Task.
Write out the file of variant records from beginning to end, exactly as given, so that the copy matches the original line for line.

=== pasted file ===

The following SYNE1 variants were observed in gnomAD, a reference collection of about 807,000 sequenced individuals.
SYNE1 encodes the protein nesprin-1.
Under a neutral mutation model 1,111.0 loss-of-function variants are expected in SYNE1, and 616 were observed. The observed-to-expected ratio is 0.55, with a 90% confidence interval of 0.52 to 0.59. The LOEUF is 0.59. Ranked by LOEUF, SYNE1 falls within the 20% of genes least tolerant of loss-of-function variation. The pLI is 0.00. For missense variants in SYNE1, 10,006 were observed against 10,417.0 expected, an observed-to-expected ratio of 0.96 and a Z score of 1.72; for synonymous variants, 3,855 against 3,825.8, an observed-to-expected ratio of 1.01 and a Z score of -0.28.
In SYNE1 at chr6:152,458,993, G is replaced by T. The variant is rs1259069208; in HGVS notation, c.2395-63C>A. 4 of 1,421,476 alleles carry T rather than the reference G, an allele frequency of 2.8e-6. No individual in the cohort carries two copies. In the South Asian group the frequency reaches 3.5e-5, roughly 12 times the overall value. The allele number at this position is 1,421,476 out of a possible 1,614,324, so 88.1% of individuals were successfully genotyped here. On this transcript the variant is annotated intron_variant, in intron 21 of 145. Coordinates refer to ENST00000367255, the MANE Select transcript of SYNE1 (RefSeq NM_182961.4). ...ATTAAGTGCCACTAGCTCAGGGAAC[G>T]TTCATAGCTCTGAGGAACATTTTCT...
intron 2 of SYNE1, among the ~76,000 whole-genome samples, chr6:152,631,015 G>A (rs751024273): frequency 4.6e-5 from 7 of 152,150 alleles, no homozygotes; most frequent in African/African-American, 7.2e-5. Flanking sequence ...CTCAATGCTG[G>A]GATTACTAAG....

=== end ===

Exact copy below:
The following SYNE1 variants were observed in gnomAD, a reference collection of about 807,000 sequenced individuals.
SYNE1 encodes the protein nesprin-1.
Under a neutral mutation model 1,111.0 loss-of-function variants are expected in SYNE1, and 616 were observed. The observed-to-expected ratio is 0.55, with a 90% confidence interval of 0.52 to 0.59. The LOEUF is 0.59. Ranked by LOEUF, SYNE1 falls within the 20% of genes least tolerant of loss-of-function variation. The pLI is 0.00. For missense variants in SYNE1, 10,006 were observed against 10,417.0 expected, an observed-to-expected ratio of 0.96 and a Z score of 1.72; for synonymous variants, 3,855 against 3,825.8, an observed-to-expected ratio of 1.01 and a Z score of -0.28.
In SYNE1 at chr6:152,458,993, G is replaced by T. The variant is rs1259069208; in HGVS notation, c.2395-63C>A. 4 of 1,421,476 alleles carry T rather than the reference G, an allele frequency of 2.8e-6. No individual in the cohort carries two copies. In the South Asian group the frequency reaches 3.5e-5, roughly 12 times the overall value. The allele number at this position is 1,421,476 out of a possible 1,614,324, so 88.1% of individuals were successfully genotyped here. On this transcript the variant is annotated intron_variant, in intron 21 of 145. Coordinates refer to ENST00000367255, the MANE Select transcript of SYNE1 (RefSeq NM_182961.4). ...ATTAAGTGCCACTAGCTCAGGGAAC[G>T]TTCATAGCTCTGAGGAACATTTTCT...
intron 2 of SYNE1, among the ~76,000 whole-genome samples, chr6:152,631,015 G>A (rs751024273): frequency 4.6e-5 from 7 of 152,150 alleles, no homozygotes; most frequent in African/African-American, 7.2e-5. Flanking sequence ...CTCAATGCTG[G>A]GATTACTAAG....